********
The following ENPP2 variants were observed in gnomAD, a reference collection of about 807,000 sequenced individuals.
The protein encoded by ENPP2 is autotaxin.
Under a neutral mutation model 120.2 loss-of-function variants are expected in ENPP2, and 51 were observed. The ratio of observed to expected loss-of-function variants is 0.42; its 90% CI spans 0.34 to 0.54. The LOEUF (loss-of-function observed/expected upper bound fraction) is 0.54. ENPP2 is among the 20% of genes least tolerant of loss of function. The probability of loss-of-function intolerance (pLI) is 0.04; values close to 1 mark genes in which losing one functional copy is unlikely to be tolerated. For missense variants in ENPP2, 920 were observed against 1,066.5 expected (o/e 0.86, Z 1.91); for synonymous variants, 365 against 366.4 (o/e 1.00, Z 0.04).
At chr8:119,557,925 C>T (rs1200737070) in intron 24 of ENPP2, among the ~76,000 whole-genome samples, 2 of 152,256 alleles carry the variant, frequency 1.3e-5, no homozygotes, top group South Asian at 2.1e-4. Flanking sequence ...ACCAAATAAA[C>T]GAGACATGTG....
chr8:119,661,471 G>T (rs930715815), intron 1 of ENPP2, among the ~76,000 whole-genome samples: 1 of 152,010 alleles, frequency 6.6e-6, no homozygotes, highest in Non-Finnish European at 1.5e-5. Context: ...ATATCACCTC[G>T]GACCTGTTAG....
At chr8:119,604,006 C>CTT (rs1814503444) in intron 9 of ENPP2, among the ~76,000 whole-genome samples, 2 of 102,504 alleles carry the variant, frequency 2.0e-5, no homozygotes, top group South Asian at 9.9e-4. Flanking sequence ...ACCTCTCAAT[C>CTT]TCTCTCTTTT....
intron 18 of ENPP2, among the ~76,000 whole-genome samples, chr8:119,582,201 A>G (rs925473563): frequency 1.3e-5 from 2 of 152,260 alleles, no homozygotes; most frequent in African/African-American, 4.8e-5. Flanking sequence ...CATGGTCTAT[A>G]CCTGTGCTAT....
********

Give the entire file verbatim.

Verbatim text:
The following ENPP2 variants were observed in gnomAD, a reference collection of about 807,000 sequenced individuals.
The protein encoded by ENPP2 is autotaxin.
Under a neutral mutation model 120.2 loss-of-function variants are expected in ENPP2, and 51 were observed. The ratio of observed to expected loss-of-function variants is 0.42; its 90% CI spans 0.34 to 0.54. The LOEUF (loss-of-function observed/expected upper bound fraction) is 0.54. ENPP2 is among the 20% of genes least tolerant of loss of function. The probability of loss-of-function intolerance (pLI) is 0.04; values close to 1 mark genes in which losing one functional copy is unlikely to be tolerated. For missense variants in ENPP2, 920 were observed against 1,066.5 expected (o/e 0.86, Z 1.91); for synonymous variants, 365 against 366.4 (o/e 1.00, Z 0.04).
At chr8:119,557,925 C>T (rs1200737070) in intron 24 of ENPP2, among the ~76,000 whole-genome samples, 2 of 152,256 alleles carry the variant, frequency 1.3e-5, no homozygotes, top group South Asian at 2.1e-4. Flanking sequence ...ACCAAATAAA[C>T]GAGACATGTG....
chr8:119,661,471 G>T (rs930715815), intron 1 of ENPP2, among the ~76,000 whole-genome samples: 1 of 152,010 alleles, frequency 6.6e-6, no homozygotes, highest in Non-Finnish European at 1.5e-5. Context: ...ATATCACCTC[G>T]GACCTGTTAG....
At chr8:119,604,006 C>CTT (rs1814503444) in intron 9 of ENPP2, among the ~76,000 whole-genome samples, 2 of 102,504 alleles carry the variant, frequency 2.0e-5, no homozygotes, top group South Asian at 9.9e-4. Flanking sequence ...ACCTCTCAAT[C>CTT]TCTCTCTTTT....
intron 18 of ENPP2, among the ~76,000 whole-genome samples, chr8:119,582,201 A>G (rs925473563): frequency 1.3e-5 from 2 of 152,260 alleles, no homozygotes; most frequent in African/African-American, 4.8e-5. Flanking sequence ...CATGGTCTAT[A>G]CCTGTGCTAT....